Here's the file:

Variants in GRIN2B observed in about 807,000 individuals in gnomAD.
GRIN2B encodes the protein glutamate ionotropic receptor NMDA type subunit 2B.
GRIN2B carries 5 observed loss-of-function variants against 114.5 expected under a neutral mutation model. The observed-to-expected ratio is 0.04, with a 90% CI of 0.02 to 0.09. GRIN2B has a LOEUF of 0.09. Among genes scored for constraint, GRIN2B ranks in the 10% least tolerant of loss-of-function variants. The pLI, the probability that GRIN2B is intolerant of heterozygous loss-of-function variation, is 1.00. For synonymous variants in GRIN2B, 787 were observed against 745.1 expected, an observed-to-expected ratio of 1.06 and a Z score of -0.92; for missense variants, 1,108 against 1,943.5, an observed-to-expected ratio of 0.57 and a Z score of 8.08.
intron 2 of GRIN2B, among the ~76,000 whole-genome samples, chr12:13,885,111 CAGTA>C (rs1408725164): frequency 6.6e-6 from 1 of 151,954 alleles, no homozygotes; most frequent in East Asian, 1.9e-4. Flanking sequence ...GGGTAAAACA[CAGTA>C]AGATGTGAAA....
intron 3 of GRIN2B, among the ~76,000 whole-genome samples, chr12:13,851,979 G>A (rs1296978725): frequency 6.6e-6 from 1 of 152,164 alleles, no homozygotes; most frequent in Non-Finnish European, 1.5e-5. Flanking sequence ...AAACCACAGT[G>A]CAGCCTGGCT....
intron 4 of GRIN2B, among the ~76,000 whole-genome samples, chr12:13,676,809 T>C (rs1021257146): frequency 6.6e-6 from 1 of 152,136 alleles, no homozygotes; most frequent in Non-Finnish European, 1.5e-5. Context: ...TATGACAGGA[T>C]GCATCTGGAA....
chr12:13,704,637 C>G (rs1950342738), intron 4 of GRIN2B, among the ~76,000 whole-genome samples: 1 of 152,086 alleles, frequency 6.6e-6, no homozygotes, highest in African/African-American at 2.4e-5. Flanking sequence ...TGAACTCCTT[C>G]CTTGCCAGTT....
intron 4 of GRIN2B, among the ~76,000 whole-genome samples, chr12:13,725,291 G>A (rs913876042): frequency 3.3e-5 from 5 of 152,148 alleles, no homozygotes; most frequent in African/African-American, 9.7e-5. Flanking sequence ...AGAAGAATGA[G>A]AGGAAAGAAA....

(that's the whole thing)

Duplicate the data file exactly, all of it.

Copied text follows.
Variants in GRIN2B observed in about 807,000 individuals in gnomAD.
GRIN2B encodes the protein glutamate ionotropic receptor NMDA type subunit 2B.
GRIN2B carries 5 observed loss-of-function variants against 114.5 expected under a neutral mutation model. The observed-to-expected ratio is 0.04, with a 90% CI of 0.02 to 0.09. GRIN2B has a LOEUF of 0.09. Among genes scored for constraint, GRIN2B ranks in the 10% least tolerant of loss-of-function variants. The pLI, the probability that GRIN2B is intolerant of heterozygous loss-of-function variation, is 1.00. For synonymous variants in GRIN2B, 787 were observed against 745.1 expected, an observed-to-expected ratio of 1.06 and a Z score of -0.92; for missense variants, 1,108 against 1,943.5, an observed-to-expected ratio of 0.57 and a Z score of 8.08.
intron 2 of GRIN2B, among the ~76,000 whole-genome samples, chr12:13,885,111 CAGTA>C (rs1408725164): frequency 6.6e-6 from 1 of 151,954 alleles, no homozygotes; most frequent in East Asian, 1.9e-4. Flanking sequence ...GGGTAAAACA[CAGTA>C]AGATGTGAAA....
intron 3 of GRIN2B, among the ~76,000 whole-genome samples, chr12:13,851,979 G>A (rs1296978725): frequency 6.6e-6 from 1 of 152,164 alleles, no homozygotes; most frequent in Non-Finnish European, 1.5e-5. Flanking sequence ...AAACCACAGT[G>A]CAGCCTGGCT....
intron 4 of GRIN2B, among the ~76,000 whole-genome samples, chr12:13,676,809 T>C (rs1021257146): frequency 6.6e-6 from 1 of 152,136 alleles, no homozygotes; most frequent in Non-Finnish European, 1.5e-5. Context: ...TATGACAGGA[T>C]GCATCTGGAA....
chr12:13,704,637 C>G (rs1950342738), intron 4 of GRIN2B, among the ~76,000 whole-genome samples: 1 of 152,086 alleles, frequency 6.6e-6, no homozygotes, highest in African/African-American at 2.4e-5. Flanking sequence ...TGAACTCCTT[C>G]CTTGCCAGTT....
intron 4 of GRIN2B, among the ~76,000 whole-genome samples, chr12:13,725,291 G>A (rs913876042): frequency 3.3e-5 from 5 of 152,148 alleles, no homozygotes; most frequent in African/African-American, 9.7e-5. Flanking sequence ...AGAAGAATGA[G>A]AGGAAAGAAA....